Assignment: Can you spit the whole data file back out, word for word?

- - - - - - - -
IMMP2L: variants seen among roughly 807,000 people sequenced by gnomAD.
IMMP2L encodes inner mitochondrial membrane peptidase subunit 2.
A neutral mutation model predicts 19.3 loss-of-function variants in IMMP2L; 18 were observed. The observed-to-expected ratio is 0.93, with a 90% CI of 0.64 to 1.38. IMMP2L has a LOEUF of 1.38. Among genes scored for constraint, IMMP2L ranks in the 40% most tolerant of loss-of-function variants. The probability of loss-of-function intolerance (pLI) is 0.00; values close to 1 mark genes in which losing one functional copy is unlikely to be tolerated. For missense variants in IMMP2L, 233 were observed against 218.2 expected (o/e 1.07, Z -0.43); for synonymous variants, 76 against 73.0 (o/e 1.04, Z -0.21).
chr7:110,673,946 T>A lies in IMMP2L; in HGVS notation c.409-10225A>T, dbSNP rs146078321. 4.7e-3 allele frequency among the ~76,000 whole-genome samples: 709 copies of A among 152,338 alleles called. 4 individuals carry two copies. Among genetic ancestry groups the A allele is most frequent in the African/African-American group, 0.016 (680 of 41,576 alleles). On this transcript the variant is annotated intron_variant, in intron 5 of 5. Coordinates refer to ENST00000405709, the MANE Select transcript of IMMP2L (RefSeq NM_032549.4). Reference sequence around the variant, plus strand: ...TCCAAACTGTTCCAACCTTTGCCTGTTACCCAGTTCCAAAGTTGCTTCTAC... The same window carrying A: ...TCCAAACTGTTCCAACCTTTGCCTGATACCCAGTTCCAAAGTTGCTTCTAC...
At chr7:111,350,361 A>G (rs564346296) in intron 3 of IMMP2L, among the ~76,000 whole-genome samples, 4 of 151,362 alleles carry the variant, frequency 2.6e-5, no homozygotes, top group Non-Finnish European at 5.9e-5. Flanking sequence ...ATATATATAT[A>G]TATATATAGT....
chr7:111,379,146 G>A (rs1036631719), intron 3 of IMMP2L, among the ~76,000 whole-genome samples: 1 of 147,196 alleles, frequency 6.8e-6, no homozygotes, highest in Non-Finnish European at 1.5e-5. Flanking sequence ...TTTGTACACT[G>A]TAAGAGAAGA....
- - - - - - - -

IMMP2L: variants seen among roughly 807,000 people sequenced by gnomAD.
IMMP2L encodes inner mitochondrial membrane peptidase subunit 2.
A neutral mutation model predicts 19.3 loss-of-function variants in IMMP2L; 18 were observed. The observed-to-expected ratio is 0.93, with a 90% CI of 0.64 to 1.38. IMMP2L has a LOEUF of 1.38. Among genes scored for constraint, IMMP2L ranks in the 40% most tolerant of loss-of-function variants. The probability of loss-of-function intolerance (pLI) is 0.00; values close to 1 mark genes in which losing one functional copy is unlikely to be tolerated. For missense variants in IMMP2L, 233 were observed against 218.2 expected (o/e 1.07, Z -0.43); for synonymous variants, 76 against 73.0 (o/e 1.04, Z -0.21).
chr7:110,673,946 T>A lies in IMMP2L; in HGVS notation c.409-10225A>T, dbSNP rs146078321. 4.7e-3 allele frequency among the ~76,000 whole-genome samples: 709 copies of A among 152,338 alleles called. 4 individuals carry two copies. Among genetic ancestry groups the A allele is most frequent in the African/African-American group, 0.016 (680 of 41,576 alleles). On this transcript the variant is annotated intron_variant, in intron 5 of 5. Coordinates refer to ENST00000405709, the MANE Select transcript of IMMP2L (RefSeq NM_032549.4). Reference sequence around the variant, plus strand: ...TCCAAACTGTTCCAACCTTTGCCTGTTACCCAGTTCCAAAGTTGCTTCTAC... The same window carrying A: ...TCCAAACTGTTCCAACCTTTGCCTGATACCCAGTTCCAAAGTTGCTTCTAC...
At chr7:111,350,361 A>G (rs564346296) in intron 3 of IMMP2L, among the ~76,000 whole-genome samples, 4 of 151,362 alleles carry the variant, frequency 2.6e-5, no homozygotes, top group Non-Finnish European at 5.9e-5. Flanking sequence ...ATATATATAT[A>G]TATATATAGT....
chr7:111,379,146 G>A (rs1036631719), intron 3 of IMMP2L, among the ~76,000 whole-genome samples: 1 of 147,196 alleles, frequency 6.8e-6, no homozygotes, highest in Non-Finnish European at 1.5e-5. Flanking sequence ...TTTGTACACT[G>A]TAAGAGAAGA....